Raytheon has secured a $406m contract from the US Army for deployment of ARC-231A radio systems.
This indefinite-delivery/indefinite-quantity (IDIQ) contract is valid for the next five years and covers upgrades, production and support for up to 5,000 radios.
Given that the ARC-231A is software-defined, it can accommodate quick upgrades without the need to remove radio from its platform.
Recently, the latest version of the system secured NSA Type 1 certification. It is claimed to provide secure, classified communications on the battlefield.
Raytheon Integrated Communication Systems vice-president Barbara Borgonovi said: “These radios are the backbone of rotary-wing communications.
“The ARC-231A enables US forces to maintain the edge in secure communications, whether they’re flying in contested or congested environments.”
The company will install radios on several US Army platforms, including the UH-60 Black Hawk, UH-72 Lakota utility helicopter and the AH-64 Apache attack helicopter.
In February, Raytheon secured an $88.44m cost-plus-fixed-fee IDIQ contract for the modification and upgrade of the sensor system software and hardware for the F/A-18/EA-18G aircraft.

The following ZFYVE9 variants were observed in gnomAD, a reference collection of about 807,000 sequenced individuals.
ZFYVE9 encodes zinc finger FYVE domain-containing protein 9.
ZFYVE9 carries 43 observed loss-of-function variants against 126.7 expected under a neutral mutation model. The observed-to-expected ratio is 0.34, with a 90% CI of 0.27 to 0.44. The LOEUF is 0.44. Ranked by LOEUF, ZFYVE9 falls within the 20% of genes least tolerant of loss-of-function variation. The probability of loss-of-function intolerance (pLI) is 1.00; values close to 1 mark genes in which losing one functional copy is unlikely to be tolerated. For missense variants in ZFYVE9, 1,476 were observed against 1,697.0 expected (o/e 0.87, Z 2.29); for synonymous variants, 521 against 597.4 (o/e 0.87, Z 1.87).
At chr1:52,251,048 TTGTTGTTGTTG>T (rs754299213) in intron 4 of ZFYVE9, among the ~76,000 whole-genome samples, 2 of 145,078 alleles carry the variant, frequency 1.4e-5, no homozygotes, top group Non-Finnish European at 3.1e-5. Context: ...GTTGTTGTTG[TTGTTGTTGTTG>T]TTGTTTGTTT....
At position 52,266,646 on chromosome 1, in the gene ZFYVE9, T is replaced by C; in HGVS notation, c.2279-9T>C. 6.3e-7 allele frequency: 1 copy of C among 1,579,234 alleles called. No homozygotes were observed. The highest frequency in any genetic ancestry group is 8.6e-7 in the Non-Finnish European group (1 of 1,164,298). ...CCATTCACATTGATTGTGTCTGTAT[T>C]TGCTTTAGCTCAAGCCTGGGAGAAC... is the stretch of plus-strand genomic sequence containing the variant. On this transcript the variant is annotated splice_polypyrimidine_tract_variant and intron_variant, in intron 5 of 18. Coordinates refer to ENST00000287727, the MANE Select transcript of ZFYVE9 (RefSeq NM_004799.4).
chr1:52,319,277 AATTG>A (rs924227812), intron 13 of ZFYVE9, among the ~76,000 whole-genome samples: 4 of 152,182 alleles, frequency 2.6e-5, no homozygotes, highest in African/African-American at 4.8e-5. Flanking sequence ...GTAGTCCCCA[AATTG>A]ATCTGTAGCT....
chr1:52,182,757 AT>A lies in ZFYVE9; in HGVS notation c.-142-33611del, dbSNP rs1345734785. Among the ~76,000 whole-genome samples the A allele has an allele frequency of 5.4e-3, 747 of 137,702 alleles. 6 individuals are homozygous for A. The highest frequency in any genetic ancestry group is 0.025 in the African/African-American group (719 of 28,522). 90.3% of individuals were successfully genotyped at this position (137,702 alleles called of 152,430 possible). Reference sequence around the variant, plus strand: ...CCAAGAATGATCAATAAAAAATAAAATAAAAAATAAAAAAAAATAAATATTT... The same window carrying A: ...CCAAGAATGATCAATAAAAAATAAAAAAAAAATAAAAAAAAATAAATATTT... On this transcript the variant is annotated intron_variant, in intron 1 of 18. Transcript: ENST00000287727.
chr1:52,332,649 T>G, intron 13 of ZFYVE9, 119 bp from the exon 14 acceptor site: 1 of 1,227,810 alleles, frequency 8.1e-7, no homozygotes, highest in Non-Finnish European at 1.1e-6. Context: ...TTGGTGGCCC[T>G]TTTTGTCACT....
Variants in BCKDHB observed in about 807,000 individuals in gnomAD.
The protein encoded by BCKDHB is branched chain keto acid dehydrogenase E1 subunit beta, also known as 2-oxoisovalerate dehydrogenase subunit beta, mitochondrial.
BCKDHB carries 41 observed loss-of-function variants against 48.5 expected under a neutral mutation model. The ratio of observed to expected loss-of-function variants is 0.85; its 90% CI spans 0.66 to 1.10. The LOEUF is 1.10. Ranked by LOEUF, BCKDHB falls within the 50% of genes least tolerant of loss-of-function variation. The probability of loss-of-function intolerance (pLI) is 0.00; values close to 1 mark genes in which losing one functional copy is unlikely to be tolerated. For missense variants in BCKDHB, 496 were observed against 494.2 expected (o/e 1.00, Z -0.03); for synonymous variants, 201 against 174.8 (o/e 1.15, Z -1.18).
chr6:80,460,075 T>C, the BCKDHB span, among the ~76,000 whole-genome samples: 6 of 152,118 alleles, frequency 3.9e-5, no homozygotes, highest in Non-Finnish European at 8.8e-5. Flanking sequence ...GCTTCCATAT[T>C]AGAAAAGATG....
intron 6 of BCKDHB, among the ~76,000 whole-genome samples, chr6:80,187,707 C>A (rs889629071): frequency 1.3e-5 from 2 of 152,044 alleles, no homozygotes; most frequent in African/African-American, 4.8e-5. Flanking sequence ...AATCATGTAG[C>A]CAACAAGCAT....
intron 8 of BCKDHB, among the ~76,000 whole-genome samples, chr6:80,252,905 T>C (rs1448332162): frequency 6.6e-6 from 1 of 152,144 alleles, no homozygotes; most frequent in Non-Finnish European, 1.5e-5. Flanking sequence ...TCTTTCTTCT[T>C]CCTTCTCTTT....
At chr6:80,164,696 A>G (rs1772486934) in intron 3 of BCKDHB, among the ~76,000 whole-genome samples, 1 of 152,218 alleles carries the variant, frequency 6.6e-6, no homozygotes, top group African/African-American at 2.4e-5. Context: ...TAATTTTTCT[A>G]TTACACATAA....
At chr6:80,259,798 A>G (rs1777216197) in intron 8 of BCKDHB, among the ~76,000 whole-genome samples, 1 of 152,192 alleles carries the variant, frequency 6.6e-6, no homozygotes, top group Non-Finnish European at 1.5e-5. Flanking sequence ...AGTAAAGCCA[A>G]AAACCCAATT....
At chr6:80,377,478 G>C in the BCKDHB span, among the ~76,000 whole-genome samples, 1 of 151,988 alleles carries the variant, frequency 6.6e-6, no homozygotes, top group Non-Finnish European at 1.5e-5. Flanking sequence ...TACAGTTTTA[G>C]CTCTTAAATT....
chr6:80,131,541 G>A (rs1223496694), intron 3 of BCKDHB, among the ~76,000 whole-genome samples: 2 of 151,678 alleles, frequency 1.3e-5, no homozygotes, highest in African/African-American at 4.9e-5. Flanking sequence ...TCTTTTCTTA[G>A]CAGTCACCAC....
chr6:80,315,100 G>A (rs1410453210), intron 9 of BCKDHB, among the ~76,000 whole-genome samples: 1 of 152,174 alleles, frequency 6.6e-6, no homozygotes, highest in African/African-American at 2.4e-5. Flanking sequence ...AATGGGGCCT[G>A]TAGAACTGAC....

The Naval Air Warfare Center Weapons Division of China Lake, California, is the contracting activity.
Under the contract, the company will provide technical support for hardware and software anomaly investigation, design, development, documentation, integration, test, and evaluation of systems and support equipment.
Last month, Raytheon secured a $205m cost-plus-fixed-fee contract from the US Department of Defense (DoD) for the delivery of the Phalanx land-based weapon system to the US Army.
The self-contained, rapid-fire Phalanx land-based weapon system automatically locates, tracks, and kill assesses enemy threats, such as projectiles or enemy aircraft.
In 2018, Raytheon reported sales of $27bn. With 67,000 employees, the company provides electronics, mission systems integration, C5I products and services, sensing, effects, and mission support for customers in more than 80 countries.